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Overcoming obstacles is key to rural internet access.

As we move into the 21st century and all its communications marvels, one sobering fact tends to dampen the enthusiasm of rural computer users: It's harder for them to connect to the Internet than people who live near cities.

Recent U.S. Department of Commerce figures show urban dwellers earning less than $35,000 are 25 percent more likely to have Internet access than people living in rural areas with similar income. A high-income household in the city is more than 20 times as likely to have Internet access as a low-income household in the country.

The reasons for these differences are complex, and involve economic, social, and technical issues. Part of the problem has to do with the geographic realities of delivering telecommunications services to remote areas.

"For many rural areas, a key problem is the distance between the customer and the central switch at the provider's end, and it involves more than just Internet service," said Tom Rowley, research consultant for the TVA Rural Studies program at the University of Kentucky. "There are various kinds of advanced telephone services that require switching. The farther you get from the central switch, the less likely you are able to get good, clean, uninterrupted service."

In a recent TVA report on rural telecommunication, Rowley noted that even though about 94 percent of U.S. households have basic phone service, only about 25 percent have access to the Internet. In rural areas the number tends to be lower because of lower incomes, lower quality of infrastructure, higher costs of service, and lower education levels. Education is particularly important because the more education a person has, the more likely he or she is to adopt and use new technologies.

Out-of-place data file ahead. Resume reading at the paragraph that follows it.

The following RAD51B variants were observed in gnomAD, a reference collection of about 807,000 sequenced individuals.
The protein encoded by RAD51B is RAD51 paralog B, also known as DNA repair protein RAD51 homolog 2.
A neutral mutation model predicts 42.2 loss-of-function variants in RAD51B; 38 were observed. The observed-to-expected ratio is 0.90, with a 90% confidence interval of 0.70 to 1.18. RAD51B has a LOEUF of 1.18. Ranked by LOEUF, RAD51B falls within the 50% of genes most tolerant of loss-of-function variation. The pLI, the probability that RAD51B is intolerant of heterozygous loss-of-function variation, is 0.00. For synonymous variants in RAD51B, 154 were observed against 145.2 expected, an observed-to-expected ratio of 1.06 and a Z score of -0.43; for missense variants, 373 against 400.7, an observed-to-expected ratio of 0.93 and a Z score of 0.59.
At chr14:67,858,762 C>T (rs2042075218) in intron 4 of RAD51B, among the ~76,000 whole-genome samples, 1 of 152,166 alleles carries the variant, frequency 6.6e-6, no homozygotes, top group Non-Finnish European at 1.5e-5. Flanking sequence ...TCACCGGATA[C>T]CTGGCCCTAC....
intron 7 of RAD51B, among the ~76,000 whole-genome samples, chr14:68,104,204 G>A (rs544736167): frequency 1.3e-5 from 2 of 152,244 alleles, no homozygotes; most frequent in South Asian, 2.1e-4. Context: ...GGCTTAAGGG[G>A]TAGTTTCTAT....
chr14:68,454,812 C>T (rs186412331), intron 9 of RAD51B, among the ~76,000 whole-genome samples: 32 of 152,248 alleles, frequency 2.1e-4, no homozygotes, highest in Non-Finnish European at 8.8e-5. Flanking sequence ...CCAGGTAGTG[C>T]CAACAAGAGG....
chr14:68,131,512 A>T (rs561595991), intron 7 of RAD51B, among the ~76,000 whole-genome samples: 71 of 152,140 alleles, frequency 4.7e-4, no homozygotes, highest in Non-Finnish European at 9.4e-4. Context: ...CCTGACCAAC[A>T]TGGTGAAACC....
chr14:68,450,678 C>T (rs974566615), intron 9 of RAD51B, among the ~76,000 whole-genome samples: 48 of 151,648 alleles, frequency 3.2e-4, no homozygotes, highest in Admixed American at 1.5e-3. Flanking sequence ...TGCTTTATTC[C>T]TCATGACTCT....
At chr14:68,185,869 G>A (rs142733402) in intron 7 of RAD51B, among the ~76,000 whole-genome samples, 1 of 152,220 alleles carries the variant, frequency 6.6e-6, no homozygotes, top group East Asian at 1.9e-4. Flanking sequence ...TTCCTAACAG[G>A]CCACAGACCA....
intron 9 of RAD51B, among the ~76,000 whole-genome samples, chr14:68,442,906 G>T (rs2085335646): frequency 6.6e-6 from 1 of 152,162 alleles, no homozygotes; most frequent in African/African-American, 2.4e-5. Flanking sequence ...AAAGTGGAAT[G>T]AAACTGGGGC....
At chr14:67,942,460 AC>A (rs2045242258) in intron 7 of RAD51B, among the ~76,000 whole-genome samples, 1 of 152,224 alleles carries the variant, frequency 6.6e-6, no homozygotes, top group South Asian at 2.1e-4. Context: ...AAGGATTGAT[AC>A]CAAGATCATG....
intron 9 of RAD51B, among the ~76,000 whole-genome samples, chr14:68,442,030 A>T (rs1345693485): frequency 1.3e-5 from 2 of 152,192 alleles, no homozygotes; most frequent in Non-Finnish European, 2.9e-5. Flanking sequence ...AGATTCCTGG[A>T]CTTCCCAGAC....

"The physical connection is only valuable if the individual who is connected has the skills to use the technology," said David Freshwater, University of Kentucky agricultural economist and program manager of TVA Rural Studies. "If the end user does not have the skills to use the telecommunication system, or fails to appreciate the opportunities it offers, then all the infrastructure in the world won't help."

According to Freshwater, rural communities need to start addressing the technology instruction needs of both youth and adults. He said computer skills and ability to use the Internet are no longer just a luxury--they are now a practical necessity. "In some sense, everyone has to work with computers now--businesses, schools, even the person who delivers your packages or takes your order to buy something," Freshwater said.

"Not having technology skills could actually hurt you in terms of community opportunities," said Rowley. "We have to remember that the supercommunications highway is a two-lane road which can bring business into your rural community, but also suck business out if your community doesn't have the ability to seize opportunities when they arise."

In his report, Rowley cited several hurdles rural areas must overcome to correct the imbalance that exists between rural and urban telecommunications opportunities. Among those hurdles are rural resistance to the adoption of new technology, a rural tendency toward economic conservatism, fewer rural providers of technology training, and higher per capita costs of serving rural areas with relatively few people and businesses.

"Telecommunications offer a way for rural areas to be more competitive, but improvements in both infrastructure and education have to happen in order for rural communities to reach their potential," said Rowley.

"Having telecommunications in your community and being able to use it is no guarantee of success, but without it you are limited in your opportunities," said Freshwater. "It's like reading or writing for a person, or having roads and sewers for a town. It's a necessity--something people look for as part of their minimal set of expectations about a person or place."

The complete TVA Rural Studies report "Rural Telecommunications: Why Your Community Isn't Connected and What You Can Do About It" by Tom Rowley, is available for download at from the TVA Rural Studies website
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Title Annotation:University of Kentucky TVA Rural Studies report
Publication:Countryside & Small Stock Journal
Article Type:Brief Article
Geographic Code:1USA
Date:Mar 1, 2000
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